Using Unemployment Data
Teachers could also use unemployment data as a way to delve into a mathematical exploration. After three years since the financial crisis, the unemployment rate is still at the highest since the Great Depression.
- Students could investigate what our current 9% unemployment rate actually means.
- They could compare and contrast the data for those who want to work, but cannot find a job (14 million Americans) to those who want to work full-time, but can only find part-time work. How does that information affect the unemployment and underemployment rates?
- Students could also compare the corporate profit trends versus to what has transpired for the majority of wage earners.
After the various data is gathered, students can use spreadsheet programs to create scatterplots. They can use the information to describe different trends, using linear, exponential, polynomial, etc. lines, and make some predictions about the future. Here are more lessons that combine mathematics and economics.
Economics Lesson Plans:
Students learn about the positive and negative aspects of credit cards and credit card offers. Students gather data from the Federal Reserve’s website. Students also compare and contrast various kinds of credit cards. This lesson provides a way for students to see how economics works in their daily lives.
Students gather and analyze data from the Great Depression. Students also create a multimedia, interdisciplinary project about the Great Depression more generally. This can be a tool used to help students learn how to organize information for use in a graph or other mathematical representation.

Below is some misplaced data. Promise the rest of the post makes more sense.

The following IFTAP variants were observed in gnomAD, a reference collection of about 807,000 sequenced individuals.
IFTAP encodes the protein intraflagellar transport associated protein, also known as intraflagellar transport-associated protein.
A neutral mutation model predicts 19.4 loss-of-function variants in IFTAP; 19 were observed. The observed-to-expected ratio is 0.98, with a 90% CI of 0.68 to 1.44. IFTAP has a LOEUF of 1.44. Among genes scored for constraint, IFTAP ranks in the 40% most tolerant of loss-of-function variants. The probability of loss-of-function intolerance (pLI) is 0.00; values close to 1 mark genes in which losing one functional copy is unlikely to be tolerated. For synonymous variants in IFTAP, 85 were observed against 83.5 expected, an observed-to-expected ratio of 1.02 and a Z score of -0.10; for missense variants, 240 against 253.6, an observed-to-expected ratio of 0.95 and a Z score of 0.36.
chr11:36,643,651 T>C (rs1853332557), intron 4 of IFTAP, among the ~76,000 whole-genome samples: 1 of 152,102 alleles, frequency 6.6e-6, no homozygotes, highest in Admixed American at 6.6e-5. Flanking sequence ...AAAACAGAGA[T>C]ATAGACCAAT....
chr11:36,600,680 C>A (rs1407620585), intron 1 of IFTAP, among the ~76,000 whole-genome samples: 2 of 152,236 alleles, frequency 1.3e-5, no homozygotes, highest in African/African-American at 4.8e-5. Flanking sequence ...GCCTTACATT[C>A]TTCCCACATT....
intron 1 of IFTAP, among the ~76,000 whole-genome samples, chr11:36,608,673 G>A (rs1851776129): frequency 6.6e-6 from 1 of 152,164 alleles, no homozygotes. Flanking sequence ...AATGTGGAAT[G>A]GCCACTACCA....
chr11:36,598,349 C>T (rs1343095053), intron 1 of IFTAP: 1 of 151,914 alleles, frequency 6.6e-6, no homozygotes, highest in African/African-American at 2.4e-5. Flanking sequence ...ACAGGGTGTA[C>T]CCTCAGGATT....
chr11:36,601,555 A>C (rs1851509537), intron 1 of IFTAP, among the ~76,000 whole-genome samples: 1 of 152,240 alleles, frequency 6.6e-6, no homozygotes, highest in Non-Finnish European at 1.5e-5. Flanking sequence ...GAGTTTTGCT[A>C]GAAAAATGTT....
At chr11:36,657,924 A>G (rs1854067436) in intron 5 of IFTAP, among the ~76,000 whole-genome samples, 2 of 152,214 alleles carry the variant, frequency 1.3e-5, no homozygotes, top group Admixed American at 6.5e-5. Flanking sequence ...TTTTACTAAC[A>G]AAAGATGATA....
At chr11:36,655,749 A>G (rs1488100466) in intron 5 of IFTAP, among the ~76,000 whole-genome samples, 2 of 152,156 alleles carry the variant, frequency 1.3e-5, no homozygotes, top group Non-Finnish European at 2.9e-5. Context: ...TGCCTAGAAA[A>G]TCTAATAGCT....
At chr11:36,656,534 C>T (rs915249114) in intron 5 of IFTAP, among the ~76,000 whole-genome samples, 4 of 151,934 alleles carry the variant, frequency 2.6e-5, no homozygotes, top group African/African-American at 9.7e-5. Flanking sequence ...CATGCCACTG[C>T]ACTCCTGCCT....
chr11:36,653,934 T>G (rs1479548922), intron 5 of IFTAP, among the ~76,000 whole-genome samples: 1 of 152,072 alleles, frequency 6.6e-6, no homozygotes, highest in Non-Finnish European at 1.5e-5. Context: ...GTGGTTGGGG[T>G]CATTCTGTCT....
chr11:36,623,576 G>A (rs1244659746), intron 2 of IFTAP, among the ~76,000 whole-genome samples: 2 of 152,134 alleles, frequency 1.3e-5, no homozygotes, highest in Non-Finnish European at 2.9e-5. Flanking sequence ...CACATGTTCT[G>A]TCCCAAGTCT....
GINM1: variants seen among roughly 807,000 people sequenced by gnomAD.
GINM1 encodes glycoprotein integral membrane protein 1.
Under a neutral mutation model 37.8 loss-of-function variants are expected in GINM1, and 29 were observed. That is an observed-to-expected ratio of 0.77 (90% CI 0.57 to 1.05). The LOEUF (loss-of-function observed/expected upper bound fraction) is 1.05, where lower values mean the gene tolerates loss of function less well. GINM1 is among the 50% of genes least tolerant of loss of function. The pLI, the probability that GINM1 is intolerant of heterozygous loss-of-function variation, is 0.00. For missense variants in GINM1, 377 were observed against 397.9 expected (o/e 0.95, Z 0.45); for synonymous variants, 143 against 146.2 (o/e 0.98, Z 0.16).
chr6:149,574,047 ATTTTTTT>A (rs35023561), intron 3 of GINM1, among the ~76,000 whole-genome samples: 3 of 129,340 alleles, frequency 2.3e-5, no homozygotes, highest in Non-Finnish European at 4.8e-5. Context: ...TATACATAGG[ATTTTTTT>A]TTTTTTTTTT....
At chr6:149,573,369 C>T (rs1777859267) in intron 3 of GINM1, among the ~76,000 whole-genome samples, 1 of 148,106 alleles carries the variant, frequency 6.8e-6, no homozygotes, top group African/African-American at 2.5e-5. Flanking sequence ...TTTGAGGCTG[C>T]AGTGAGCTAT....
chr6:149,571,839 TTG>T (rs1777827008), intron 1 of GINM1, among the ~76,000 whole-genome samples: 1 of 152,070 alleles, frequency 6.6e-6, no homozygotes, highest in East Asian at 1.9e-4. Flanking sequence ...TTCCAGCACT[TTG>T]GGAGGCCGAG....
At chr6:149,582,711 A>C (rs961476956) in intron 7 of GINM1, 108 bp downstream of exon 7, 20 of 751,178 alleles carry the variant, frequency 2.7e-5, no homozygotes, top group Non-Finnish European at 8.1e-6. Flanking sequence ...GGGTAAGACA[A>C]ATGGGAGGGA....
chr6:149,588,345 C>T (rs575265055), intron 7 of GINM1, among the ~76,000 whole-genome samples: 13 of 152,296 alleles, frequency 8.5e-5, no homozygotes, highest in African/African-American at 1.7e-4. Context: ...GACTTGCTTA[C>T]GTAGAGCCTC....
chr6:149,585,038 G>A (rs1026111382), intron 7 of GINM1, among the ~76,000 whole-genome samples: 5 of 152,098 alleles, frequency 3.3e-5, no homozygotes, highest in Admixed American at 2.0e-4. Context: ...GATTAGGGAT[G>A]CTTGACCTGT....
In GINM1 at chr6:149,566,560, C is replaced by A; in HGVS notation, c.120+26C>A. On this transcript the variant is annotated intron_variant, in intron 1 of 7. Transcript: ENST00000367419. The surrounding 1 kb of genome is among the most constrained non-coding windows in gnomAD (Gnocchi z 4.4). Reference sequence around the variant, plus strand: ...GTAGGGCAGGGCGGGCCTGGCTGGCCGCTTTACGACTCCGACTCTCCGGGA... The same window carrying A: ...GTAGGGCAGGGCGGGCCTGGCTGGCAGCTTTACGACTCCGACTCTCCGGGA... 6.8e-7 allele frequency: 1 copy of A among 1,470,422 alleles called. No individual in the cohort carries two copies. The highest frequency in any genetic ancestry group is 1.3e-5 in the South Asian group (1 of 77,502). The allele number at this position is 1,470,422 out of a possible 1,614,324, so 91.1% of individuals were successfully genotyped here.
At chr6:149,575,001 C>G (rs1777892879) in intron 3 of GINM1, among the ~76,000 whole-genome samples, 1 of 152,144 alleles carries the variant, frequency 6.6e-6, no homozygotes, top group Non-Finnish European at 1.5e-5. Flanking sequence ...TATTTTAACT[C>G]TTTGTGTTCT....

Students research and explain the development and purpose of the Federal Reserve’s Beige Book. This lesson can help students learn how the history of economics effects the present.
Learners gain access to easily understood, timely interpretations of monthly announcements of rates of change in real GDP and the accompanying related data in the U.S. economy. This information can be used as part of student’s research analyzing income.
Students examine what was in in store for Wall Street following the NASDAQ's 547.57 point plunge on Tuesday, April 4, 2000. They evaluate how they might manage a heavily laden high-tech portfolio before deciding how to invest in the market. The discussions that follow this lesson could help students understand why the current movement is called Occupy Wall Street.